27. December 2010 · Comments Off on Christmas Day Nature Walk · Categories: Ain't That America?, General, Memoir

Our family was always rather traditional about the Thanksgiving and Christmas holidays. Since Mom and Dad were both only (or only surviving children) it made deciding whose house to go to for the holidays rather easy: alternating Granny Jessie and Granny Dodie for Thanksgiving, but Christmas . . . invariably everyone came to our house. One of those things which we would do – after opening presents on Christmas morning, and while Mom and Granny Jessie (who usually stayed with us, for Christmas after Grandpa Jim died) got Christmas dinner assembled – was for Dad and all four of us, and the dogs, to go out for a hike in the hills for a couple of hours. Dad, being a research biologist, did terrific nature talks during those hikes, pointing out the various sorts of sage, and the animal tracks and scat to be noticed. I think this tradition was carried on with for a couple of years after I went away to serve in the Air Force, in some fashion. I know that when I did come home for Christmas now and again, to my parent’s retirement house in Valley Center, Blondie and I and my little brother Sander dragged out the nieces and nephews for a hike down through the abandoned orange grove above the Guejito. One year we had the teenage niece of my brother JP’s significant other, who thought that a walk meant a gentle turn around the block . . . not a hard slog down a rutted dirt road, and a clamber up to the top of a knob of stone that stuck out of the hillside. The rock knob offered a wonderful view of the valley below, and the cattle that moved so slowly and were so far away that they looked to be the size of fleas. She was wearing low-heeled pumps – didn’t appreciate the need for something a little sturdier.

Christmas and nature hikes. I didn’t ever think to take a camera along, when I led my niece and nephew into a muddy slough halfway down the hill – which they enjoyed terrifically, of course – although I think Pip was pretty horrified at how much mud they still accumulated on their persons. I did, for some reason, remember to take a camera on one of our hikes with Dad, though. It must have been Christmas of 1974 or 1975 – by Christmas of 1976 I was away in Basic Training, in San Antonio, where I live now. I took that picture at the top of one of the hills in the San Gabriel Mountains – Pip, Sander, Dad and JP, with Toby and Duchess, all sitting or laying down for a rest after a long slog uphill from our house. That’s Tujunga – La Crescenta in the background, with the mountains of the Angeles National Forest on the horizon.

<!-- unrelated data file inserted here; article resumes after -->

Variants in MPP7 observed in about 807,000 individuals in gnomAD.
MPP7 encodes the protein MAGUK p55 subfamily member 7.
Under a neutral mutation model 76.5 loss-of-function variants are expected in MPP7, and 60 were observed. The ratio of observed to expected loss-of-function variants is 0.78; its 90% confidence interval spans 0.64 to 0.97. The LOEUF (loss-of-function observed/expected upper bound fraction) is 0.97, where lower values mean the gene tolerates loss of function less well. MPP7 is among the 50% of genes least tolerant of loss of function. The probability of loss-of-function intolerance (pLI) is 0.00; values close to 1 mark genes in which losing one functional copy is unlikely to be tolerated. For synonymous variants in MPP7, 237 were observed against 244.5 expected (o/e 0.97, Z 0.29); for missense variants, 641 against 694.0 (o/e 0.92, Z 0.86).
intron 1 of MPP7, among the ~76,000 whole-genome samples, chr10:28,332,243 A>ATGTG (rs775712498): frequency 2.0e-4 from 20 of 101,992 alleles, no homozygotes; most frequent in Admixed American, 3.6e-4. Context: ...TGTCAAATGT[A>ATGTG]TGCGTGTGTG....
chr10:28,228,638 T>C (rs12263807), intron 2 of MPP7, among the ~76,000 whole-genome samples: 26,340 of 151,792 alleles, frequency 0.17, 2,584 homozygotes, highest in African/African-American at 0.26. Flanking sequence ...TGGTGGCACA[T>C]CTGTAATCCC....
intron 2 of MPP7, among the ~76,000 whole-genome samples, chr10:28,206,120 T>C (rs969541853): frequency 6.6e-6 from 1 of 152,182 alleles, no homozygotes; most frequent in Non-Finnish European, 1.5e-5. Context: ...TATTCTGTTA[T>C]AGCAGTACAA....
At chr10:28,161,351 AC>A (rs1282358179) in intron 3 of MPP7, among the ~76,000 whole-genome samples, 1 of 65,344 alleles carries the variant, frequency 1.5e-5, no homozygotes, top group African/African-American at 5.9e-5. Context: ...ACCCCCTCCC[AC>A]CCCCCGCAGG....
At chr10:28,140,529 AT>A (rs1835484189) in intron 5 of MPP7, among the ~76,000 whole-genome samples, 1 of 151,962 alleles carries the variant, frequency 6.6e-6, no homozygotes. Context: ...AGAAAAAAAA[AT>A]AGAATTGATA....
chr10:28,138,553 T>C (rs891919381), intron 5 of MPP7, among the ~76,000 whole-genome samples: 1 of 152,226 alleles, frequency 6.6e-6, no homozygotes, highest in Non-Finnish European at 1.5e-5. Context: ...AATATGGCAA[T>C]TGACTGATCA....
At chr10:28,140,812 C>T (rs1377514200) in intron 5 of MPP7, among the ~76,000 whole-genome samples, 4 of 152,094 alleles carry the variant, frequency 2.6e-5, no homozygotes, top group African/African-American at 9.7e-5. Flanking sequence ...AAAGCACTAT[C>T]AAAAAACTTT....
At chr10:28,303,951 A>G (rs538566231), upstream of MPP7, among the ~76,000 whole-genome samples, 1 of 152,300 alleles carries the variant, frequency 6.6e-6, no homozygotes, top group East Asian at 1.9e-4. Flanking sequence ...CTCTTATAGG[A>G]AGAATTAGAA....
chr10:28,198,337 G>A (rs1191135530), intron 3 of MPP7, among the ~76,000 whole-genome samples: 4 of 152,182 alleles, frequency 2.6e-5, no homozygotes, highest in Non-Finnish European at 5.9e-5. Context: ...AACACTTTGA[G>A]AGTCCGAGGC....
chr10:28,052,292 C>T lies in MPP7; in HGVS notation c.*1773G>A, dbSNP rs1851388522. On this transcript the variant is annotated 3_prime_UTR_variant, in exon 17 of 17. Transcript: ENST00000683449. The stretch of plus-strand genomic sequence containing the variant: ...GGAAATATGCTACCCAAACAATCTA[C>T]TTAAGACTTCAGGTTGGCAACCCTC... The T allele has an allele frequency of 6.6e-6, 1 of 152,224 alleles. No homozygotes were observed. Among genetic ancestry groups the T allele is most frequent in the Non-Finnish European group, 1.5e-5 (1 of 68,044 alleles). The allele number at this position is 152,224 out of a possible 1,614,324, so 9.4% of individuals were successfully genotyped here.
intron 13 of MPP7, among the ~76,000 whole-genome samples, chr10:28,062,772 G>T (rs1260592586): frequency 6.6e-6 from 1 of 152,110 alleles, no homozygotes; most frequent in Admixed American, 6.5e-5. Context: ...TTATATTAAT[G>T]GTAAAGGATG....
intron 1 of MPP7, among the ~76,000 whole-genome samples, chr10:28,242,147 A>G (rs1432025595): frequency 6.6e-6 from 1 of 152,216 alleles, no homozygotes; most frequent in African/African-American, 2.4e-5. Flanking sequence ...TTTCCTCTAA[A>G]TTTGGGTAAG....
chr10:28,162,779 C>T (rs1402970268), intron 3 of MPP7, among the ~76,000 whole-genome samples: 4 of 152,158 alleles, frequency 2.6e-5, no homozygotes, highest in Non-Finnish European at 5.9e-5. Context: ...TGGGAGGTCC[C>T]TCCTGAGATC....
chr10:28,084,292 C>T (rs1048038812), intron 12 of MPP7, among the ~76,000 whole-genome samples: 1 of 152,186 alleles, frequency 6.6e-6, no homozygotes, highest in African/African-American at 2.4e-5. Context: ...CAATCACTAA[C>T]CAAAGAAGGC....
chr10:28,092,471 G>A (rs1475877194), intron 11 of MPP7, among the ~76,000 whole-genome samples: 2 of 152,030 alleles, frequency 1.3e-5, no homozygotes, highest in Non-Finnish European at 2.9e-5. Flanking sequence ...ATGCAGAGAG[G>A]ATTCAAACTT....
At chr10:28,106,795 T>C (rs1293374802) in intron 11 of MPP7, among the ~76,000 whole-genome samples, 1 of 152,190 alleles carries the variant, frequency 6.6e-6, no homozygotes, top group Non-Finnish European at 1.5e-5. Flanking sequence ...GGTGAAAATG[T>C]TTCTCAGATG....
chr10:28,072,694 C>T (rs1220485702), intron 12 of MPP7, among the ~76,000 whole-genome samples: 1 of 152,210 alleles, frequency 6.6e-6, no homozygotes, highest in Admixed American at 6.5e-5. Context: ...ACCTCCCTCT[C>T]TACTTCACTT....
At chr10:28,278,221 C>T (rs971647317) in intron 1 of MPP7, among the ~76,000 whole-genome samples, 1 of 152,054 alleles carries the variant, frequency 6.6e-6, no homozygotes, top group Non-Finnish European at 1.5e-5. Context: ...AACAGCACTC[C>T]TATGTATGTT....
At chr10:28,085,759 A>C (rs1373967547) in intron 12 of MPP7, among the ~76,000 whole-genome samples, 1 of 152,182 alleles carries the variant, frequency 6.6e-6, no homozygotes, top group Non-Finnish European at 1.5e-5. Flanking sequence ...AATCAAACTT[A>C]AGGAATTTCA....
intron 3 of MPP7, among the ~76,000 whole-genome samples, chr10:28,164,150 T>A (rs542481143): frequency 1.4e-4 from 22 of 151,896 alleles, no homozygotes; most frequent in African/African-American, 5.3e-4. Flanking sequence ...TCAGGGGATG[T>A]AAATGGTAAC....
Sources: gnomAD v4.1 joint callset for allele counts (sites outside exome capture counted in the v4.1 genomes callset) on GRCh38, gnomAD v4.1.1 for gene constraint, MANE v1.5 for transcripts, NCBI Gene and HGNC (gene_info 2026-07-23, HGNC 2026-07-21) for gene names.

Christmas, nature hikes and Dad . . .

I wasn’t planning to go to California this year – just plain couldn’t afford it again, and when I talked to Mom and Dad about it, two weeks ago Friday, they said – well, never mind, Pip and her husband were going to his family, Sander and his wife and their kids were going to hers . . . and well, don’t feel bad about not coming. They were going to have a nice quiet Christmas by themselves, and Dad had a case of walking pneumonia, which made him feel a bit under the weather.

Except that it didn’t work out that way. Dad suddenly felt worse the next week, was admitted to the hospital on Friday last with a diagnosis of bleeding into the brain, was operated on that night and seemed to be responding well, but there was a setback on Christmas Eve . . . and Mom was chipper and hopeful and altogether reassuring when we talked to her on Christmas Day. So I was reassured, and made plans to come out to California and stay with them for two months, to help when Dad was out of the hospital, and all.

But she and my brothers and sisters were called to the hospital Sunday morning, and Dad died about 1:15 in the afternoon. The last time I talked to him by telephone, I said “Dad, ya sound like shit!” and he said, “Yeah, I feel like shit!” and I told him to take care of himself. I wish I had said I loved him, but I still thought I would have the chance to say it one more time.

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